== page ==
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Thursday, December 21, 2006

China Ends Anti-Dog Crackdown

Thanks to thousands of letters from concerned animal lovers around the world, including from within China, an anti dog crackdown in Beijing has been officially stopped. According to the South China Morning Post, China President Hu Jintao "was unhappy about the complaints and international media coverage" of the crackdown and put a stop to it.

The crackdown started in Beijing at the end of October. In response IFAW (International Fund for Animal Welfare and other groups organized letter-writing campaigns to various authorities in China (police department, mayor's office, and Olympic Organizing Committee) as well as international bodies based outside of China (embassies of China and China's International Olympic Committee). The mass of letters, which came from
around the world, including one letter, which was signed by 60,000 dog and animal
lovers from across China, created the pressure for the police in China to stop the
crackdown. This announcement was confirmed to IFAW by the Beijing Police
Bureau in China.

"IFAW applauds the decision by President Hu Jintao to stop the crackdown. It shows that the president understands the special bond people feel with their companion animals and that crackdowns targeting dogs is counterproductive to achieving societal harmony," says Grace Ge Gabriel, IFAW Asia director, who was invited to visit the police dog pound in China, "IFAW now hopes the Chinese government will take the next step and work on reforming Beijing's dog regulations so that responsible dog ownership will be promoted and Beijing can welcome the 2008 Olympics with a humane regulation that is scientifically based."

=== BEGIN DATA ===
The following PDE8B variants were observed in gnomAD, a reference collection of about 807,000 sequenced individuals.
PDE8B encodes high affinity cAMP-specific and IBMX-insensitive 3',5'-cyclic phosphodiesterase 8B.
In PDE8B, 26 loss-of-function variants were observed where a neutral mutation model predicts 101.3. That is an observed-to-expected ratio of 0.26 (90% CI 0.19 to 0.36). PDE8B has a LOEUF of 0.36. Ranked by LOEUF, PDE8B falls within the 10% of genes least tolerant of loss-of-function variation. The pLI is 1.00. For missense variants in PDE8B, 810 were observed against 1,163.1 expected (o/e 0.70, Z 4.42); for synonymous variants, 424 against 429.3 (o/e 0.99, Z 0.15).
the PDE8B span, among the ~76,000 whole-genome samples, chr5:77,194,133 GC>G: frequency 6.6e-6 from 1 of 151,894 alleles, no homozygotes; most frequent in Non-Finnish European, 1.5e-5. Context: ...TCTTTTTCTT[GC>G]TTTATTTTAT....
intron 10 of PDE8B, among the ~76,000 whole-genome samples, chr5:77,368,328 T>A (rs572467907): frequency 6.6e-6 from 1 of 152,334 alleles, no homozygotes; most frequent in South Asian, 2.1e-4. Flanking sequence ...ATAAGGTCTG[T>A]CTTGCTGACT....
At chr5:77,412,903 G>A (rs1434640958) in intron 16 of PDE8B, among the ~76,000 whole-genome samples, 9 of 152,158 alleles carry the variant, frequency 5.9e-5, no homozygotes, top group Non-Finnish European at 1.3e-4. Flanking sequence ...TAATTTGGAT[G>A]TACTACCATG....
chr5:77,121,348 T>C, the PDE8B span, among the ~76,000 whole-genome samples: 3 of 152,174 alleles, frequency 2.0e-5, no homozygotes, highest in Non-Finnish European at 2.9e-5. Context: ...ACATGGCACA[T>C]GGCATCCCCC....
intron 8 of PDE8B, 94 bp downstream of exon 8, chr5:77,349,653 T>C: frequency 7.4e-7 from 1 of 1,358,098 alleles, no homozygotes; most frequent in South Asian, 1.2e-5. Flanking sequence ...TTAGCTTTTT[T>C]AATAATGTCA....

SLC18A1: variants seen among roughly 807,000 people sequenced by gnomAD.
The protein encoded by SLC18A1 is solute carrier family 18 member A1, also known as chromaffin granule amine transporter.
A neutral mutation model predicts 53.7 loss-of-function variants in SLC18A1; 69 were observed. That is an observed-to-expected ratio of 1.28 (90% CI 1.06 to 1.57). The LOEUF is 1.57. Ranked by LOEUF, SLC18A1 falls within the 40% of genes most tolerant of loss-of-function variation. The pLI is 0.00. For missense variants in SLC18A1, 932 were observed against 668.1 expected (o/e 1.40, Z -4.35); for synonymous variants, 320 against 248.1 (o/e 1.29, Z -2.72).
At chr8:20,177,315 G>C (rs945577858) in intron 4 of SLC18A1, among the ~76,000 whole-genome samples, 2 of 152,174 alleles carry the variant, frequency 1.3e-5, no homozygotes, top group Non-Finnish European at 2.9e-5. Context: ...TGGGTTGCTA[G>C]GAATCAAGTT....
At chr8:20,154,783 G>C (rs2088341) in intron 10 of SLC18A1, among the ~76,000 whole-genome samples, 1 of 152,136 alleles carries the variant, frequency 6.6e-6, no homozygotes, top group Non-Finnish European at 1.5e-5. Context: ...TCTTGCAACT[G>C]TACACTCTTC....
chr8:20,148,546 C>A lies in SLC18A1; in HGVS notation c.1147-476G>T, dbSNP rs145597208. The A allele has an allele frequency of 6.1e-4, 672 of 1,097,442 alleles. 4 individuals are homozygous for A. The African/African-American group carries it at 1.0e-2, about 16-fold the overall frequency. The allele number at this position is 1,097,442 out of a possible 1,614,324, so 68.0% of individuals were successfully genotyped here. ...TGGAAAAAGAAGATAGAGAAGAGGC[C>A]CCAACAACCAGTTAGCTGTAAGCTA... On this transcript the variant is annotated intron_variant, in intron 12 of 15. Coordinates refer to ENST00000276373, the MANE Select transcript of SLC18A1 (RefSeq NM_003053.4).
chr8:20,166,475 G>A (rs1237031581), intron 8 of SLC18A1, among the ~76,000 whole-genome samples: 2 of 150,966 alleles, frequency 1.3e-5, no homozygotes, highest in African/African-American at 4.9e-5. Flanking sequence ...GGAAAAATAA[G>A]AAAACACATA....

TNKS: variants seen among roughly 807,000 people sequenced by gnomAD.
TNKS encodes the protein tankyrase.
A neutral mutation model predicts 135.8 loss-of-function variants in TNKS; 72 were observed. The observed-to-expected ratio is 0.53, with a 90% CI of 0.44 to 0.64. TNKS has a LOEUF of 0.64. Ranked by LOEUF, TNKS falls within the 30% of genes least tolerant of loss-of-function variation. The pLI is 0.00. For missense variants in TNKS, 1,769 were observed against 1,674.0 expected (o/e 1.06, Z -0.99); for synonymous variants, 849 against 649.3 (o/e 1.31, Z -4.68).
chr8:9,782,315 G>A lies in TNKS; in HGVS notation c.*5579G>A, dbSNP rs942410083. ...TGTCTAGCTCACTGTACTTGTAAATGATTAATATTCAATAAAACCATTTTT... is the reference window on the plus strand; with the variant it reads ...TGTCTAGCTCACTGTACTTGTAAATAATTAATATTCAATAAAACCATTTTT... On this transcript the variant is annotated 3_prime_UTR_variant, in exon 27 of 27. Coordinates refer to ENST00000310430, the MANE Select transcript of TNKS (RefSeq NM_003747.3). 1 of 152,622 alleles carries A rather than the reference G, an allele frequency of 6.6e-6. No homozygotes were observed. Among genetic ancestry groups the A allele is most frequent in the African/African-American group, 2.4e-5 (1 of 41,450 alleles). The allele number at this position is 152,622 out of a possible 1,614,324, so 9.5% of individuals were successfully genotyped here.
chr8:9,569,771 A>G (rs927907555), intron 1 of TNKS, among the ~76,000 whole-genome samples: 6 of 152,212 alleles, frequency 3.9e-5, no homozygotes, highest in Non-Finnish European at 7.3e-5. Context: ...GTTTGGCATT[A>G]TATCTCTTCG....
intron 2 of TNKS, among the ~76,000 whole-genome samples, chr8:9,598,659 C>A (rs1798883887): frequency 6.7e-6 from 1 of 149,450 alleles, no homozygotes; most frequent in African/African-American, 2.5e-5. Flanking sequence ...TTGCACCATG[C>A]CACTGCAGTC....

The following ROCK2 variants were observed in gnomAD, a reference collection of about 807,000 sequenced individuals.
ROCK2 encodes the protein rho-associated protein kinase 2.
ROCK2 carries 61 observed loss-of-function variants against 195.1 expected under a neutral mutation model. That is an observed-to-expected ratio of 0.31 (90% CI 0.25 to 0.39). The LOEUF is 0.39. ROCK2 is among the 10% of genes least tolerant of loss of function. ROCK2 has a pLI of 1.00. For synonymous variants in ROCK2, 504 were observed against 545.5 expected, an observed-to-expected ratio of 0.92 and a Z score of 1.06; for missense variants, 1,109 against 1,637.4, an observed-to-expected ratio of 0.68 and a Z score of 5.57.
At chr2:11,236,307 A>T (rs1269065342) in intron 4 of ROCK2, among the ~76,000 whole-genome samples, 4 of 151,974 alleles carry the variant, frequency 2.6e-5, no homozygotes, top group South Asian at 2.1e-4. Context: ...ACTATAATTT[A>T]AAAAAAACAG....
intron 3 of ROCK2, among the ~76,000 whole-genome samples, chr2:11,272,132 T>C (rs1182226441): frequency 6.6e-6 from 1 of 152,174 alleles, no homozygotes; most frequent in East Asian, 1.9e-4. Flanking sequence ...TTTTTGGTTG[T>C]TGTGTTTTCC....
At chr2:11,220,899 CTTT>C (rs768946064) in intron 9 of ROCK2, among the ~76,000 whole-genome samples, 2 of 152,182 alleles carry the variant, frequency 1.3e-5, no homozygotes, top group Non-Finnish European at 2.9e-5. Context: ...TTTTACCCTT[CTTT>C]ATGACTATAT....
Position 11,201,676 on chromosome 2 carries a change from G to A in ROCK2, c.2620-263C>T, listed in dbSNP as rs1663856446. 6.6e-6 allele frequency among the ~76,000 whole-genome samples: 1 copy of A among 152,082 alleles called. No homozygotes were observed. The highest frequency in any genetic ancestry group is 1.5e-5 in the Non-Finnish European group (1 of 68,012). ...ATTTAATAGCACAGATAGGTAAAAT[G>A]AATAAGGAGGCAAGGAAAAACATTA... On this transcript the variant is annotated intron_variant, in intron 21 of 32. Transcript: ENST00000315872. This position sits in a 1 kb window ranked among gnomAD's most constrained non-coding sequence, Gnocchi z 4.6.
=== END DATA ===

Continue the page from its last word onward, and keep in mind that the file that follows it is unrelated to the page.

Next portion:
The anti dog Beijing crackdown in China involved confiscating dogs that were either unlicensed or dogs over 35 cm tall. IFAW has urged the police to return the
owned dogs to their rightful homes, with penalties to irresponsible owners.

In addition, IFAW has pledged to support authorities in China in introducing
amendments to the Beijing Dog Regulation in China to make it more humane and
realistic for dog owners to comply with.

IFAW's suggested changes to dog regulation in China include:

* Eliminate the size limit of 35 cm: The size limit has no scientific
base. A dog's temperament cannot be judged by its size. The size limit
also makes the regulation difficult to enforce.
* Regulate the behavior of people, not dogs.
* Regulate commercial breeding and markets: Uncontrolled breeding for
trade is the main cause of the dog over population problem.
IFAW also urges China's government to start promulgating national legislation for the prevention of cruelty to animals.

There's been an influx of pet lovers getting pet insurance for their furry friends. dog insurance is particularly popular. Veterinary pet insurance can save a lot of the $15,570 estimated to be spent on dogs over a period of 10 yrs.

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